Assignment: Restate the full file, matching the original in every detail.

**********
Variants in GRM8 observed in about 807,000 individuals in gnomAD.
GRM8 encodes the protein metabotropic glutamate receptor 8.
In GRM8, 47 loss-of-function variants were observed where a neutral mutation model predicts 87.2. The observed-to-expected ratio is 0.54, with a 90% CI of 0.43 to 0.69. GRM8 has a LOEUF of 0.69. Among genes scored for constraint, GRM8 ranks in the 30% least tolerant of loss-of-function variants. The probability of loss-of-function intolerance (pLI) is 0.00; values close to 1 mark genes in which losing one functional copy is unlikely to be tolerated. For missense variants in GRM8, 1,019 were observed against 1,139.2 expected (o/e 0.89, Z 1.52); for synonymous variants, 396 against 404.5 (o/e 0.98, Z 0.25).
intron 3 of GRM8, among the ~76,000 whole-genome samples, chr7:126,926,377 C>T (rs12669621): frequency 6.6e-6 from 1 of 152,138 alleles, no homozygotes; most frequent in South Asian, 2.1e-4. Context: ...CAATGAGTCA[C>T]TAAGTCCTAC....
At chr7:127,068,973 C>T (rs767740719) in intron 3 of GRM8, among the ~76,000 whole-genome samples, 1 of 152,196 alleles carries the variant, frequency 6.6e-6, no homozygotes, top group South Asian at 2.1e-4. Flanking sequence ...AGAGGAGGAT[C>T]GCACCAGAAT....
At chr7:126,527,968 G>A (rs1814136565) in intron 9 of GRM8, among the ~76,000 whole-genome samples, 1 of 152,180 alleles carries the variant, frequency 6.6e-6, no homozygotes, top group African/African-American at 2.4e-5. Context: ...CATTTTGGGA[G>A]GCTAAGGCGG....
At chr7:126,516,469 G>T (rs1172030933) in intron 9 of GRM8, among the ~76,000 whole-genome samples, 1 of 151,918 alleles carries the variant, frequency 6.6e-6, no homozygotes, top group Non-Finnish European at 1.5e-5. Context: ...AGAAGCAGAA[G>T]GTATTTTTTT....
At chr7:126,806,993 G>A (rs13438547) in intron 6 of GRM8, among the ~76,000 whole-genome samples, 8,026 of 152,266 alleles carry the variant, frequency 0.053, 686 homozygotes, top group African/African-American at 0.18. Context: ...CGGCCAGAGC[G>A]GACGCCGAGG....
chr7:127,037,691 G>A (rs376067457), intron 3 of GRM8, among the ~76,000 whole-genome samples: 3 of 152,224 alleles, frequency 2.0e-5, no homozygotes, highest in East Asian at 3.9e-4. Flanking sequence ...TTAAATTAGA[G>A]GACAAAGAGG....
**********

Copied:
Variants in GRM8 observed in about 807,000 individuals in gnomAD.
GRM8 encodes the protein metabotropic glutamate receptor 8.
In GRM8, 47 loss-of-function variants were observed where a neutral mutation model predicts 87.2. The observed-to-expected ratio is 0.54, with a 90% CI of 0.43 to 0.69. GRM8 has a LOEUF of 0.69. Among genes scored for constraint, GRM8 ranks in the 30% least tolerant of loss-of-function variants. The probability of loss-of-function intolerance (pLI) is 0.00; values close to 1 mark genes in which losing one functional copy is unlikely to be tolerated. For missense variants in GRM8, 1,019 were observed against 1,139.2 expected (o/e 0.89, Z 1.52); for synonymous variants, 396 against 404.5 (o/e 0.98, Z 0.25).
intron 3 of GRM8, among the ~76,000 whole-genome samples, chr7:126,926,377 C>T (rs12669621): frequency 6.6e-6 from 1 of 152,138 alleles, no homozygotes; most frequent in South Asian, 2.1e-4. Context: ...CAATGAGTCA[C>T]TAAGTCCTAC....
At chr7:127,068,973 C>T (rs767740719) in intron 3 of GRM8, among the ~76,000 whole-genome samples, 1 of 152,196 alleles carries the variant, frequency 6.6e-6, no homozygotes, top group South Asian at 2.1e-4. Flanking sequence ...AGAGGAGGAT[C>T]GCACCAGAAT....
At chr7:126,527,968 G>A (rs1814136565) in intron 9 of GRM8, among the ~76,000 whole-genome samples, 1 of 152,180 alleles carries the variant, frequency 6.6e-6, no homozygotes, top group African/African-American at 2.4e-5. Context: ...CATTTTGGGA[G>A]GCTAAGGCGG....
At chr7:126,516,469 G>T (rs1172030933) in intron 9 of GRM8, among the ~76,000 whole-genome samples, 1 of 151,918 alleles carries the variant, frequency 6.6e-6, no homozygotes, top group Non-Finnish European at 1.5e-5. Context: ...AGAAGCAGAA[G>T]GTATTTTTTT....
At chr7:126,806,993 G>A (rs13438547) in intron 6 of GRM8, among the ~76,000 whole-genome samples, 8,026 of 152,266 alleles carry the variant, frequency 0.053, 686 homozygotes, top group African/African-American at 0.18. Context: ...CGGCCAGAGC[G>A]GACGCCGAGG....
chr7:127,037,691 G>A (rs376067457), intron 3 of GRM8, among the ~76,000 whole-genome samples: 3 of 152,224 alleles, frequency 2.0e-5, no homozygotes, highest in East Asian at 3.9e-4. Flanking sequence ...TTAAATTAGA[G>A]GACAAAGAGG....